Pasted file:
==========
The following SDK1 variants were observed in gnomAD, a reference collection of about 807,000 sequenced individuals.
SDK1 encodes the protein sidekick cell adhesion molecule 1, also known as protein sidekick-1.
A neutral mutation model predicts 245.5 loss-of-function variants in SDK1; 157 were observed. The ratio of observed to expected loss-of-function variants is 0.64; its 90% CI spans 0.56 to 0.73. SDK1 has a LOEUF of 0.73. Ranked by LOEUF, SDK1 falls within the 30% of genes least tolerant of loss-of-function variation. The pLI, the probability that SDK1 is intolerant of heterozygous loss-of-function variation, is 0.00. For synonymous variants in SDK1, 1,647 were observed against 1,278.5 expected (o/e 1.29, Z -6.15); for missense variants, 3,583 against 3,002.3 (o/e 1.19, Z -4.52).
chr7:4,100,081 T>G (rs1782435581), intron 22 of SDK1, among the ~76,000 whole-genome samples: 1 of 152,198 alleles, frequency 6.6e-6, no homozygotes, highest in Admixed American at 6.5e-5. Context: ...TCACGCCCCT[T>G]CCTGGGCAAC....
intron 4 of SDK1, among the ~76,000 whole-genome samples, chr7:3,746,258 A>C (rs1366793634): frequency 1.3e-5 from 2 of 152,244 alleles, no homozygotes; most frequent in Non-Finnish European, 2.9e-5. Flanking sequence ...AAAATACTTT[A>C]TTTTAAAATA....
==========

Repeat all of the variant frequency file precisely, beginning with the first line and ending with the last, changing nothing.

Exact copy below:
The following SDK1 variants were observed in gnomAD, a reference collection of about 807,000 sequenced individuals.
SDK1 encodes the protein sidekick cell adhesion molecule 1, also known as protein sidekick-1.
A neutral mutation model predicts 245.5 loss-of-function variants in SDK1; 157 were observed. The ratio of observed to expected loss-of-function variants is 0.64; its 90% CI spans 0.56 to 0.73. SDK1 has a LOEUF of 0.73. Ranked by LOEUF, SDK1 falls within the 30% of genes least tolerant of loss-of-function variation. The pLI, the probability that SDK1 is intolerant of heterozygous loss-of-function variation, is 0.00. For synonymous variants in SDK1, 1,647 were observed against 1,278.5 expected (o/e 1.29, Z -6.15); for missense variants, 3,583 against 3,002.3 (o/e 1.19, Z -4.52).
chr7:4,100,081 T>G (rs1782435581), intron 22 of SDK1, among the ~76,000 whole-genome samples: 1 of 152,198 alleles, frequency 6.6e-6, no homozygotes, highest in Admixed American at 6.5e-5. Context: ...TCACGCCCCT[T>G]CCTGGGCAAC....
intron 4 of SDK1, among the ~76,000 whole-genome samples, chr7:3,746,258 A>C (rs1366793634): frequency 1.3e-5 from 2 of 152,244 alleles, no homozygotes; most frequent in Non-Finnish European, 2.9e-5. Flanking sequence ...AAAATACTTT[A>C]TTTTAAAATA....